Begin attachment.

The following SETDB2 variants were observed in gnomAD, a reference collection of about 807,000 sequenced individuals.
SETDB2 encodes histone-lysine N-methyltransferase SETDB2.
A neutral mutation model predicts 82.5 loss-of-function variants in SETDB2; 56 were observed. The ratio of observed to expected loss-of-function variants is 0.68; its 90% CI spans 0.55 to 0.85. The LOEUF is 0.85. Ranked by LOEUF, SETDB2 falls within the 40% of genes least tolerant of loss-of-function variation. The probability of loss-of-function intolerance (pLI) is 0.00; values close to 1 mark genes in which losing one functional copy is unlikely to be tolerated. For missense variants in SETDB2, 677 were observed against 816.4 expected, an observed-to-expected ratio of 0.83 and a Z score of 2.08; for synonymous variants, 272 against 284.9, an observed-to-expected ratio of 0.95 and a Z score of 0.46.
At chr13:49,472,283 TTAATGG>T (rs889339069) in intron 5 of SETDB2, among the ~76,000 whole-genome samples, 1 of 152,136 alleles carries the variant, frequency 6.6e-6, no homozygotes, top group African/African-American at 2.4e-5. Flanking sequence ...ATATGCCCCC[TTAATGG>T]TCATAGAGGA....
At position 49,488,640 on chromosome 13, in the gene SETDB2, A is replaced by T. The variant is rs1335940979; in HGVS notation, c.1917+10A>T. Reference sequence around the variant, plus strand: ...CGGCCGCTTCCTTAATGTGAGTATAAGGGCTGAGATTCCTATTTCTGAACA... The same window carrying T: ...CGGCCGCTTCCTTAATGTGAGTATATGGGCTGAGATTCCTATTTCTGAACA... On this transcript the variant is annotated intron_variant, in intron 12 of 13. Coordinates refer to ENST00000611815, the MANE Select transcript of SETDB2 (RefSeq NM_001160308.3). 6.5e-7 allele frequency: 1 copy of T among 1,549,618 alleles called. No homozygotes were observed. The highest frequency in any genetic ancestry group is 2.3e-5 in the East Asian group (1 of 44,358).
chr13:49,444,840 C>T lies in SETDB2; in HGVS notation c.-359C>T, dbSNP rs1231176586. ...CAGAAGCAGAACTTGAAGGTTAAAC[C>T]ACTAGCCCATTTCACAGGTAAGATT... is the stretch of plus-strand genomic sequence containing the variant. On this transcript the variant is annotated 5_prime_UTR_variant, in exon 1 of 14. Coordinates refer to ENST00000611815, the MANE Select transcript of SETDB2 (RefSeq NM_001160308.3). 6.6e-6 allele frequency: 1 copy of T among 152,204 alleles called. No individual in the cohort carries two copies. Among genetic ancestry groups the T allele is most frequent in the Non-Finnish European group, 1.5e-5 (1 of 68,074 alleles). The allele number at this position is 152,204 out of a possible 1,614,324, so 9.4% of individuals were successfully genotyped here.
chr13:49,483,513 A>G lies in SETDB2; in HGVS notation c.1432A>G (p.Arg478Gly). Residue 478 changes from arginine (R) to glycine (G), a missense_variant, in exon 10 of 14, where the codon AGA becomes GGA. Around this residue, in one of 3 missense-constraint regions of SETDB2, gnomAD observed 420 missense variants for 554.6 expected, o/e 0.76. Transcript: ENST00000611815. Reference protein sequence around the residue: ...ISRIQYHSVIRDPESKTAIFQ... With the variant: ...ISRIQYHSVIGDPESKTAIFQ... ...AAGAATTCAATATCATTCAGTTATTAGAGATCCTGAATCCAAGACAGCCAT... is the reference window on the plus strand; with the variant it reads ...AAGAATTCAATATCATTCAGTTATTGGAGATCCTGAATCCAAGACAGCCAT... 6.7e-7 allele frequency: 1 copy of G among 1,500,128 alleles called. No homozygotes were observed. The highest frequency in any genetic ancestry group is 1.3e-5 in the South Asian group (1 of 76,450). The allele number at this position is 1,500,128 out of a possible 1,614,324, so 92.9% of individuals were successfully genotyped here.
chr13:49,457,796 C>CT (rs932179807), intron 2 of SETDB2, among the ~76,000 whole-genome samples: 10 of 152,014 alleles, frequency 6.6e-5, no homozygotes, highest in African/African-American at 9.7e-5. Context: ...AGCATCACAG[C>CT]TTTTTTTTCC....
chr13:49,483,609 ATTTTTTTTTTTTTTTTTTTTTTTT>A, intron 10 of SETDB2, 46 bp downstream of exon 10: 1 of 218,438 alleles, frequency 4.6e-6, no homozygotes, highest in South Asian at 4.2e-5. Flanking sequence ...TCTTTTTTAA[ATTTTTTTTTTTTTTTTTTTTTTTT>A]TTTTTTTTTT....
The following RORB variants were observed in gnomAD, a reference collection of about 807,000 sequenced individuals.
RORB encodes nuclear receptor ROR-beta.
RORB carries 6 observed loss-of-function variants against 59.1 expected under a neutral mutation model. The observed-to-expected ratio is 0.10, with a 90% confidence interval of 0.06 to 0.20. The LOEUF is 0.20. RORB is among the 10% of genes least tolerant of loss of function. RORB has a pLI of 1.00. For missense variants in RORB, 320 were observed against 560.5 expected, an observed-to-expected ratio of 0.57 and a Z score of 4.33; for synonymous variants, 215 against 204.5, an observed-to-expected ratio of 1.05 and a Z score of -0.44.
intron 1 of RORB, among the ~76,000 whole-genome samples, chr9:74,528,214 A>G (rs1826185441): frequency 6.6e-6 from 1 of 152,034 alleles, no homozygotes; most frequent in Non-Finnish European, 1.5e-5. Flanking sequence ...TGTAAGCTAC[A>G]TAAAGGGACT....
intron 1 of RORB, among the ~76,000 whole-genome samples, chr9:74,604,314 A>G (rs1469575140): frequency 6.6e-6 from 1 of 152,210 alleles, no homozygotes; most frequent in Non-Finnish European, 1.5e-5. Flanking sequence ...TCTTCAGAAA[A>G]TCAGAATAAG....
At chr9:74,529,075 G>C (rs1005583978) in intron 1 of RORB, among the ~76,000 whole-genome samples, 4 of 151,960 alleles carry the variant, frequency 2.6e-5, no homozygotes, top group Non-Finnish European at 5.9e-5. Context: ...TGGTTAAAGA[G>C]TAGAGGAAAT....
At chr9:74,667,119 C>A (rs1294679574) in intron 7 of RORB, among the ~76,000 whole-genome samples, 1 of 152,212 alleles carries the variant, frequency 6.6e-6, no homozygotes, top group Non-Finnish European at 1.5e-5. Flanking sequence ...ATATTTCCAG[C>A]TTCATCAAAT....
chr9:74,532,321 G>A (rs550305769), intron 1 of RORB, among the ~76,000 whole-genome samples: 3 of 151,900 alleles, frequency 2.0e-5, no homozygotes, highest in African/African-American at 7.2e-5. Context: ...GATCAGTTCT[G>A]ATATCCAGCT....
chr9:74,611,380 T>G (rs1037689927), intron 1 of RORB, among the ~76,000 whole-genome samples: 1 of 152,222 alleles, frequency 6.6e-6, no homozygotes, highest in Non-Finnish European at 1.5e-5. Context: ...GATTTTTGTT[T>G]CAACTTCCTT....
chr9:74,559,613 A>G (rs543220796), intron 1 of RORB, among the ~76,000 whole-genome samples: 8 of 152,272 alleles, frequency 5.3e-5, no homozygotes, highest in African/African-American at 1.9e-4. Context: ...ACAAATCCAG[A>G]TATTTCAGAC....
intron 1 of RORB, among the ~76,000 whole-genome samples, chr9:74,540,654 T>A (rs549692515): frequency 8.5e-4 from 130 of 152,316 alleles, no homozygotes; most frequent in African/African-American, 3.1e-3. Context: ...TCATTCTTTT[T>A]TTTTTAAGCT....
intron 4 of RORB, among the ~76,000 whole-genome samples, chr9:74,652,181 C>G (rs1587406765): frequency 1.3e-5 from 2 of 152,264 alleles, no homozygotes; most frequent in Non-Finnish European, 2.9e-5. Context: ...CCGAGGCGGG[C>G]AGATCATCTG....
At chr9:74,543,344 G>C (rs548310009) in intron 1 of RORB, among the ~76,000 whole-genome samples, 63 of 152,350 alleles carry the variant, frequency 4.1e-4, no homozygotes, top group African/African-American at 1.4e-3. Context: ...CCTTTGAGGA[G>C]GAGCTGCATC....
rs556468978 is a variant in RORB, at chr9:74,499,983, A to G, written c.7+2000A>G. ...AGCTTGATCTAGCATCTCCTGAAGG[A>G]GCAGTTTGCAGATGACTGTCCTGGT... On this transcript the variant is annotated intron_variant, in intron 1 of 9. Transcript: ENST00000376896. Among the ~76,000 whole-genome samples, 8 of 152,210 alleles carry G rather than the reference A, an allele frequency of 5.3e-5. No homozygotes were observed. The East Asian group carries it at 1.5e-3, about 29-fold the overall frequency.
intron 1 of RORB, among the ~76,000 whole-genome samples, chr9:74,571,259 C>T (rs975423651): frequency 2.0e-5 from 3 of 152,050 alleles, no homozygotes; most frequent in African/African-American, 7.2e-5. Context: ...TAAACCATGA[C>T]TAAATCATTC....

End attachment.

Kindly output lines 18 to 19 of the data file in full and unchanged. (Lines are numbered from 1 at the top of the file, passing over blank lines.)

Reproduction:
chr9:74,611,380 T>G (rs1037689927), intron 1 of RORB, among the ~76,000 whole-genome samples: 1 of 152,222 alleles, frequency 6.6e-6, no homozygotes, highest in Non-Finnish European at 1.5e-5. Context: ...GATTTTTGTT[T>G]CAACTTCCTT....
chr9:74,559,613 A>G (rs543220796), intron 1 of RORB, among the ~76,000 whole-genome samples: 8 of 152,272 alleles, frequency 5.3e-5, no homozygotes, highest in African/African-American at 1.9e-4. Context: ...ACAAATCCAG[A>G]TATTTCAGAC....